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Diagnosis of cervical plexus tumours by high-frequency ultrasonography



Cervical plexus (CP) tumours are difficult to diagnose because of atypical symptoms. This study aimed to summarize the features of a normal CP and CP tumours observed on high-frequency ultrasonography.


The ultrasound data of 11 CP tumour patients and 22 normal volunteers were collected. All 11 patients underwent magnetic resonance imaging (MRI), and 4 patients also underwent computed tomography (CT). The imaging data were compared with surgery and pathology data.


The C7 vertebra and bifurcation of the carotid common artery (CCA) were useful anatomic markers for identifying the CP. In contrast to the C1 nerve (22.7%), the C2-4 nerves were well displayed and thinner than the brachial plexus (P < 0.05). CP tumours were more common in females (72.7%) and generally located at C4 (72.7%) on the right side (81.8%). Additionally, the nerve trunk in tumour patients was obviously wider than that in normal controls (7.49 ± 1.03 mm vs 2.67 ± 0.36 mm, P < 0.01). Compared with pathology, the diagnostic rates of CP tumours by MRI, CT and high-frequency ultrasound were 72.7% (8/11), 25% (1/4) and 90.9% (10/11), respectively.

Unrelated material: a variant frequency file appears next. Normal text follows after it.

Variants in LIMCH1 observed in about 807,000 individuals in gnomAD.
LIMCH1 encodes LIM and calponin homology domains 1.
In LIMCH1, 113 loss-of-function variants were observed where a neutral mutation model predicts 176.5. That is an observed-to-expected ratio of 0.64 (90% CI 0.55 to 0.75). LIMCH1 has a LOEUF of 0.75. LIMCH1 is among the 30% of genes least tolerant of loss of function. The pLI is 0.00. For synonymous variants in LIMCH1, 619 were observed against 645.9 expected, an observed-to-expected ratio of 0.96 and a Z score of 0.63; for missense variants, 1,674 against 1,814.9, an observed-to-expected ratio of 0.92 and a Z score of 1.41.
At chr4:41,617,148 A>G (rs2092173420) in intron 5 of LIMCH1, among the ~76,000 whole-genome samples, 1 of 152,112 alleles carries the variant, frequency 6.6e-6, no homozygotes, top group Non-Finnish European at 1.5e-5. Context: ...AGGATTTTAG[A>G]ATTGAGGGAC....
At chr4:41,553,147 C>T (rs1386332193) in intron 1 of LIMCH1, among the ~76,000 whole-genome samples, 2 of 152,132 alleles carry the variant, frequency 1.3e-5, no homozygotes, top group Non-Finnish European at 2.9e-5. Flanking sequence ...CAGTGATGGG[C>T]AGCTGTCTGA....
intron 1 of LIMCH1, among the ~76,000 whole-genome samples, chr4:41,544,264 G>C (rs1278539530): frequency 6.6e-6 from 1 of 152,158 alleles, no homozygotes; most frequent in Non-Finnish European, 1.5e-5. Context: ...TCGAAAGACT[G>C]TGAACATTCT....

The diagnosis of CP neuropathy is accurate and reliable by high-frequency ultrasound, and the C7 vertebra and bifurcation of the CCA are useful anatomic markers in CP ultrasonography.

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The cervical plexus (CP) is located in the neck beneath the sternocleidomastoid muscle and comprises a coalition of nerves originating from C1 through C4 [1, 2]. Because of the higher location and atypical symptoms, most patients with CP tumor went to clinic for neck mass, some with concomitant pain, and CP masses are quite similar to lymph node or thyroid nodules upon palpation, so the presurgical diagnosis of these tumours is challenging [3]. The diagnosis of CP tumours relies on the clinical history, physical examination, electromyogram and diagnostic imaging [4]. Electromyogram was lack of specific manifestation, magnetic resonance imaging (MRI) offers high-resolution visualization of CP tumours; however, the availability of MR neurography may be limited, and it is costly. Therefore, the clinical diagnosis of CP tumours remains difficult.